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Correspondence |

Operating Characteristics of Pulmonary Capillary Wedge Pressure for Pulmonary Arterial Hypertension FREE TO VIEW

Robert A. Raschke, MD, MS; Richard D. Gerkin, MD, MS; Steven C. Curry, MD; David M. Baratz, MD
Author and Funding Information

From the Department of Critical Care Medicine (Dr Raschke), the Department of Internal Medicine (Dr Gerkin), the Department of Medical Toxicology (Dr Curry), and the Department of Pulmonary Medicine (Dr Baratz), Banner Good Samaritan Medical Center.

Correspondence to: Robert A. Raschke, MD, MS, Banner Good Samaritan Medical Center, 1111 E McDowell Rd, Phoenix, AZ 85006; e-mail: robert.raschke@bannerhealth.com


Financial/nonfinancial disclosures: The authors have reported to CHEST that no potential conflicts of interest exist with any companies/organizations whose products or services may be discussed in this article.

Reproduction of this article is prohibited without written permission from the American College of Chest Physicians (www.chestpubs.org/site/misc/reprints.xhtml).


© 2010 American College of Chest Physicians


Chest. 2010;137(3):740. doi:10.1378/chest.09-2202
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To the Editor:

We reworked the statistics presented by Halpern and Taichman1 in a recent issue of CHEST (July 2009) in a manner that might be of interest. In Figure 4, they note that the sensitivity and specificity of pulmonary capillary wedge pressure (PCWP) > 15 for the outcome of left ventricular end-diastolic pressure (LVEDP) > 15 mm Hg are 94.2% and 60.2%. However, the diagnosis of interest in their study is pulmonary arterial hypertension (PAH) type 1, using an LVEDP ≤ 15 mm Hg as the gold standard. It is useful to calculate the operating characteristics of the PCWP for this diagnosis. Using their Table 1 (all patients with pulmonary hypertension), we constructed Table 1.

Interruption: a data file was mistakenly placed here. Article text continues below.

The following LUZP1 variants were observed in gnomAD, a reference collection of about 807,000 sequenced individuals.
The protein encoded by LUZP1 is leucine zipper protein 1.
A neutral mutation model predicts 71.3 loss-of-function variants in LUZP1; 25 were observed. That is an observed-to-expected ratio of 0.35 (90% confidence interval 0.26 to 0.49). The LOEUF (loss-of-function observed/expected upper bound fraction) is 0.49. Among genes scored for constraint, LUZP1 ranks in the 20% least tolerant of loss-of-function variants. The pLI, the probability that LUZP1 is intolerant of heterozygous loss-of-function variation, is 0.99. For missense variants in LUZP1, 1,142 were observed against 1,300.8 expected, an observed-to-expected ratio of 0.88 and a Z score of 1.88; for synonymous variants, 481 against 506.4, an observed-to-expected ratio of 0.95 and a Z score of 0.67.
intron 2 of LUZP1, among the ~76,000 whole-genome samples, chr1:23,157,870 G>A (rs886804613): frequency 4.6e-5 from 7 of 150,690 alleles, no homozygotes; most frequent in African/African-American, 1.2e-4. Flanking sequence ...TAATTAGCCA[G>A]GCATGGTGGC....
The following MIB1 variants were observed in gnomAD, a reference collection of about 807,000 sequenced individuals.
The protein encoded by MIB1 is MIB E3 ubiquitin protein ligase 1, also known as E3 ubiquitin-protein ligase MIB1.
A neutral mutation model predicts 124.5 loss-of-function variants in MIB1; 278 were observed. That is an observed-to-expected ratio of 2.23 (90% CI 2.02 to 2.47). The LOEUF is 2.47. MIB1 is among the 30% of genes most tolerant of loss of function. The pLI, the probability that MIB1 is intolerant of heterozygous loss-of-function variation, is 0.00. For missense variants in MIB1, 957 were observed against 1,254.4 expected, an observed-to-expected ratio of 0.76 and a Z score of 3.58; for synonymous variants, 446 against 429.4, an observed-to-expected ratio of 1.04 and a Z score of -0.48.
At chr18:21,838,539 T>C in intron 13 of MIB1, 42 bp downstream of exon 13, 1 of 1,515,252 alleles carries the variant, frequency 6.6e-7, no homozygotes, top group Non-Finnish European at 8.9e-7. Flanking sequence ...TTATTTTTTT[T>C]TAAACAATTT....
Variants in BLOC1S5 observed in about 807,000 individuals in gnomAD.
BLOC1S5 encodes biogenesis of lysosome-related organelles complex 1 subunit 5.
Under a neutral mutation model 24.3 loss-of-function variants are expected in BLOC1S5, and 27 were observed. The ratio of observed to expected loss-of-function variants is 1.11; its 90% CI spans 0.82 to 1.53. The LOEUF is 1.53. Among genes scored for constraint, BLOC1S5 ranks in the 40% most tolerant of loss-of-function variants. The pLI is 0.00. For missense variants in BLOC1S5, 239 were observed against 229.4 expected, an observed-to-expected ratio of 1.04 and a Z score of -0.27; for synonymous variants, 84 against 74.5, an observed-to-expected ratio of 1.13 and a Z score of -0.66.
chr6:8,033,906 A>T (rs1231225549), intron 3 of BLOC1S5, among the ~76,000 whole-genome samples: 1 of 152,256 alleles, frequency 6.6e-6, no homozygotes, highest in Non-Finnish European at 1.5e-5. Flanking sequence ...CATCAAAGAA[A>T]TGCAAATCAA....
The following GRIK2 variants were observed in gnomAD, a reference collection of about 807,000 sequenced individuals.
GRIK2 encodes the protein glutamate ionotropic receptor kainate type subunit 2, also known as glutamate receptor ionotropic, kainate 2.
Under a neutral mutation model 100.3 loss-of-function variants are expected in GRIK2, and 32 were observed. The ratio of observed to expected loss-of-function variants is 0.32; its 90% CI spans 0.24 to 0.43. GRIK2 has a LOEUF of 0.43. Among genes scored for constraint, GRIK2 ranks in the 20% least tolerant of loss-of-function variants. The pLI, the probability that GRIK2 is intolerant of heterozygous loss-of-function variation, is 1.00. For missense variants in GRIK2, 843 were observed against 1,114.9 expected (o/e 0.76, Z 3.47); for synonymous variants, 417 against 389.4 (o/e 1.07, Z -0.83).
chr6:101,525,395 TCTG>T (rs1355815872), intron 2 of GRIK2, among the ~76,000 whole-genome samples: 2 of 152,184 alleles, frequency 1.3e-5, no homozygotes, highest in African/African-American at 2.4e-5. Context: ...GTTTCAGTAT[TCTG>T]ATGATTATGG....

Table Graphic Jump Location
Table 1 —Analysis of Pulmonary Capillary Wedge Pressure as a Test for Pulmonary Arterial Hypertension

LVEDP = left ventricular end-diastolic pressure; PCWP = pulmonary capillary wedge pressure.

The operating characteristics for PCWP generated by this table are: sensitivity 64%, specificity 91.2%, positive predictive value 46.6%, and negative predictive value 95.5%. The positive predictive value indicates that among the study population, the majority of positive tests (PCWP ≤ 15 mm Hg) are false positives; in other words, the PCWP is not reliable to rule in PAH. The negative predictive value indicates that 95% of negative tests (PCWP > 15 mm Hg) are true negatives; the PCWP can be used to rule out PAH in this population. It should be noted that positive and negative predictive values are dependent on prevalence, and should be generalized with caution. If applied in a population with a higher prevalence of PAH, the usefulness of the PCWP to rule out disease would diminish. But the conclusion of this analysis seems to be generalizable: care should be exercised before starting a patient on therapy for PAH if the diagnosis was ruled in by PCWP. In some patients, particularly those with risk factors or clinical evidence of heart disease, further cardiac workup, including left heart catheterization, may be indicated.

Halpern SD, Taichman DB. Misclassification of pulmonary hypertension due to reliance on pulmonary capillary wedge pressure rather than left ventricular end-diastolic pressure. Chest. 2009;1361:37-43. [CrossRef] [PubMed]
 

Figures

Tables

Table Graphic Jump Location
Table 1 —Analysis of Pulmonary Capillary Wedge Pressure as a Test for Pulmonary Arterial Hypertension

LVEDP = left ventricular end-diastolic pressure; PCWP = pulmonary capillary wedge pressure.

References

Halpern SD, Taichman DB. Misclassification of pulmonary hypertension due to reliance on pulmonary capillary wedge pressure rather than left ventricular end-diastolic pressure. Chest. 2009;1361:37-43. [CrossRef] [PubMed]
 
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